For Ms. Bass the judgment of researchers, together with their data and claims, are untrustworthy if they have received money from drug companies to finance clinical trials. She is particularly hard on a professor of psychiatry from Brown University who has defended Paxil. But if the drug companies didn't pay for such trials, who would? And why shouldn't companies seek advice from the best scientific minds and pay them for their efforts?
Most odd of all, Ms. Bass treats the FDA as a shill for industry—despite its having thoroughly reviewed the suicide matter and required warnings on product labels where it saw fit. She makes the usual complaint that the FDA has reduced its time frame for approving new drugs: "That sprint came with a price tag. A flood of questionable drugs was unleashed on the market, many of which," like Vioxx, "would later have to be recalled."
But she says not a word about how society suffers when the FDA approves new drugs too slowly, depriving patients of life-improving and life-saving medicines. Nor does she mention the studies showing that more rapid drug approval timelines in the European Union have not led to more drug-safety withdrawals. There are two sides to this story; Ms. Bass tells only one.
As reported by the Legal Intelligencer, the Pennsylvania Supreme Court has agreed to hear the following four issues from the Kia class action in Samuel-Bassett v. Kia Motors America, Inc.:
whether the fact-specific claim that the class representative's brake express warranty was breached can be certified and tried on a classwide basis;
whether Kia's due process rights were violated when trial court Judge Mark I. Bernstein entered judgment for the class without requiring individual proof of the breach of the class members' express limited warranty contracts;
whether the trial court's award of a $1 million risk multiplier to attorney fees violated U.S. Supreme Court precedent and if Pennsylvania courts must follow U.S. Supreme Court precedent about federal fee shifting statutes;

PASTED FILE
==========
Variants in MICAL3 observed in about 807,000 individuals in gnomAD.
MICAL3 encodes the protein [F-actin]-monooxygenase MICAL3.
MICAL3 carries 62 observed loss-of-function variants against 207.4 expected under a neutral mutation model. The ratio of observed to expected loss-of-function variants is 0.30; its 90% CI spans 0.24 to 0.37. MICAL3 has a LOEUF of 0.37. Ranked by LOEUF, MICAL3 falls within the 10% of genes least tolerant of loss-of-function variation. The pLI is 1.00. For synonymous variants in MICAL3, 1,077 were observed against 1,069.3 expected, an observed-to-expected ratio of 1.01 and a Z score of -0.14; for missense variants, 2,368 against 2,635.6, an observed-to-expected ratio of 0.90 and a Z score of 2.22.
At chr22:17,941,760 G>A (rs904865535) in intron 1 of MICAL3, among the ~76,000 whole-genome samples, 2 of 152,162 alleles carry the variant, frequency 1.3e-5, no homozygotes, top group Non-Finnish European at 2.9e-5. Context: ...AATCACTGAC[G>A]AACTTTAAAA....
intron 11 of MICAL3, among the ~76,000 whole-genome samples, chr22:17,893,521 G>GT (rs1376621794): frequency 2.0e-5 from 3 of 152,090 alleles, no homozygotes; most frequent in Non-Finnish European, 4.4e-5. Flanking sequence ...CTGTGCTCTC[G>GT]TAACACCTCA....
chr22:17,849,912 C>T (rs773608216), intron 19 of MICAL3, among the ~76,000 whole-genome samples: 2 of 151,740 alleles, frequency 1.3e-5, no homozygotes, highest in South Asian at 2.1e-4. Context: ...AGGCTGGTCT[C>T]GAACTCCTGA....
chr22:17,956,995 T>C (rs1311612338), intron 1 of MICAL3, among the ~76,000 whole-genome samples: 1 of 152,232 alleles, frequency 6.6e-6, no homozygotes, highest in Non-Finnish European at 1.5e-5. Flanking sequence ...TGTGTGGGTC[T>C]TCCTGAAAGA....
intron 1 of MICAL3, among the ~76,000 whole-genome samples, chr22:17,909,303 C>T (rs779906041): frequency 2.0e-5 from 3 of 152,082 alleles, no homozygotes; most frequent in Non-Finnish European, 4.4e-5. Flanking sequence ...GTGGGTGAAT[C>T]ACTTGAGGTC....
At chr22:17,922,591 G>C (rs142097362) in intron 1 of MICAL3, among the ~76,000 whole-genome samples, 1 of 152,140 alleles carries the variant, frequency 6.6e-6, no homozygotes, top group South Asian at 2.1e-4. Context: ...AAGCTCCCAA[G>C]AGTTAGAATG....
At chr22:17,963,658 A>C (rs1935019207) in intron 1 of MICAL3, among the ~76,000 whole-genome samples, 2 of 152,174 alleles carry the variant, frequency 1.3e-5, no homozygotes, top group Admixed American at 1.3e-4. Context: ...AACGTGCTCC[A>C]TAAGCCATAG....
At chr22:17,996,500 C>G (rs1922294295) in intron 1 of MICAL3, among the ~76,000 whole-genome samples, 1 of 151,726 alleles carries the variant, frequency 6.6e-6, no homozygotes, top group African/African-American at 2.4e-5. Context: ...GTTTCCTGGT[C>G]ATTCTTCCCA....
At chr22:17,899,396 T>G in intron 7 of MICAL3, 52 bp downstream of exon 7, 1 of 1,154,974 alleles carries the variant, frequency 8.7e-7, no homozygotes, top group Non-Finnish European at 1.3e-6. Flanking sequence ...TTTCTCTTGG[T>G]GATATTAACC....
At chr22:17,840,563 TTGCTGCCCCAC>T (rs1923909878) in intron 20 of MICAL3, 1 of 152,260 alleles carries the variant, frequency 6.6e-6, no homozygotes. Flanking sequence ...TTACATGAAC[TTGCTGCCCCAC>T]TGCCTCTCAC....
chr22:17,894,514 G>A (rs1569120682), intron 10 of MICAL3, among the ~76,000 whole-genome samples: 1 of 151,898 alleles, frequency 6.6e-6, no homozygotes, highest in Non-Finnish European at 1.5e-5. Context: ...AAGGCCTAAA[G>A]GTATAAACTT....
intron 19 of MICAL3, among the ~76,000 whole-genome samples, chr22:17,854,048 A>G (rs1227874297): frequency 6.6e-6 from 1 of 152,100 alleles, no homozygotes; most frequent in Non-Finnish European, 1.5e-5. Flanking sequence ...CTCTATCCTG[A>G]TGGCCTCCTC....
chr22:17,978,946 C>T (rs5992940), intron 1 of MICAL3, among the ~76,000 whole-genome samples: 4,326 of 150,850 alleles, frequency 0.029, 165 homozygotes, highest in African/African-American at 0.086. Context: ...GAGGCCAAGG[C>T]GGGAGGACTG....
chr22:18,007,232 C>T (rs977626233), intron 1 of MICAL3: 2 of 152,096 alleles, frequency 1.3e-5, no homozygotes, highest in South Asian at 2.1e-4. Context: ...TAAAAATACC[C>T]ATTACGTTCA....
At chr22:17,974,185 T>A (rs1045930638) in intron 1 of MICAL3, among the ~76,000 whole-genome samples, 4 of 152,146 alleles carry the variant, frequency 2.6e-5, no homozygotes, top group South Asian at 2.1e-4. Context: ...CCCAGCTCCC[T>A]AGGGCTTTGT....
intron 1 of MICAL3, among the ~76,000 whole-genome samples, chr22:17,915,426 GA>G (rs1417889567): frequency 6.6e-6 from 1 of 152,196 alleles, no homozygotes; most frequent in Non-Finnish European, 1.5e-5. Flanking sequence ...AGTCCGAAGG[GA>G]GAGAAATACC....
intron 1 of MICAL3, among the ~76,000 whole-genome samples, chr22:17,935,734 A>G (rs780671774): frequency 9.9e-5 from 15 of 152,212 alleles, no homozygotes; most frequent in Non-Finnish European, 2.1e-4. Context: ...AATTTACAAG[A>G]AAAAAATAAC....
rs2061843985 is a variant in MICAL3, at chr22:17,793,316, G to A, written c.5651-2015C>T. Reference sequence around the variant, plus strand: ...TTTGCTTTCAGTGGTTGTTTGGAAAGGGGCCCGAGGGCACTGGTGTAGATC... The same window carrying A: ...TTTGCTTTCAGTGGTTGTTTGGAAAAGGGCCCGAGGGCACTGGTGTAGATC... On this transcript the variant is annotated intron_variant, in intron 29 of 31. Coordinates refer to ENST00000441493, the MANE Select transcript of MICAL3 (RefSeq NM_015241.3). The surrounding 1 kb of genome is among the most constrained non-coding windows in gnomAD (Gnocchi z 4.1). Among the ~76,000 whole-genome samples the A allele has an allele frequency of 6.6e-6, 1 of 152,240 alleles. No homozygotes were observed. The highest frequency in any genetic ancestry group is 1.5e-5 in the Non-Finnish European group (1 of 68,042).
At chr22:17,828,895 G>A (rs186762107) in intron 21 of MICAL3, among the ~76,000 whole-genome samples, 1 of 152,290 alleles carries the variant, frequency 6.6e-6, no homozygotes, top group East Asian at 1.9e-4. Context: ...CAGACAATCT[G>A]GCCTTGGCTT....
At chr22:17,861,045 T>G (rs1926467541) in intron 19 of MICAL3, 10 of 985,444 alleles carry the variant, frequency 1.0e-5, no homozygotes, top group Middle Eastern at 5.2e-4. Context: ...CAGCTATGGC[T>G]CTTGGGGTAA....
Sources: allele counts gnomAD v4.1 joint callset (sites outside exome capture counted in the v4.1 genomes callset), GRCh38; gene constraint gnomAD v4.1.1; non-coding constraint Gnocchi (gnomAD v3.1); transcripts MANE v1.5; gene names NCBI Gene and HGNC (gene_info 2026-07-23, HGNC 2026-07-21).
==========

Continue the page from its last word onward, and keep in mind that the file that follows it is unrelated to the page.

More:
whether an attorney fee can be awarded under the federal Magnuson-Moss Warranty Act (MMWA) -- which requires that fee awards be entered as part of the judgment -- when final judgment was entered at the trial court level before the fee award is entered.
Plaintiffs' instituted the action over allegedly defective brakes and were awarded $5.6 million. The Philadelphia Court of Common Pleas also awarded plaintiffs' attorneys $4.13 million in fees.
Monday, July 14, 2008
Article in Bloomberg.com -- Ford Gets California Review of $82.6 Million Rollover Verdict, by Edvard Pettersson. (H/t to AmLaw Litigation Daily.) Here's an excerpt:
Ford Motor Co., the second-biggest U.S.-based automaker, will get a review from California's highest court of an $82.6 million verdict stemming from a 2002 rollover crash that left a woman paralyzed.
The California Supreme Court, in a notice posted today on its Web site, granted Ford's petition for review of a California appeals panel's decision not to reduce the $55 million punitive damages part of the verdict or to grant a new trial.
The U.S. Supreme Court last year ordered the appeals court in San Diego to reconsider the punitive damages in light of a decision in a smoker's lawsuit against Altria Group Inc.'s Philip Morris unit that said punitive damages couldn't be based on harm to people not involved in the court case. The appeals court said March 10 there was no evidence the Ford jury based its award on harm to people who weren't part of the lawsuit.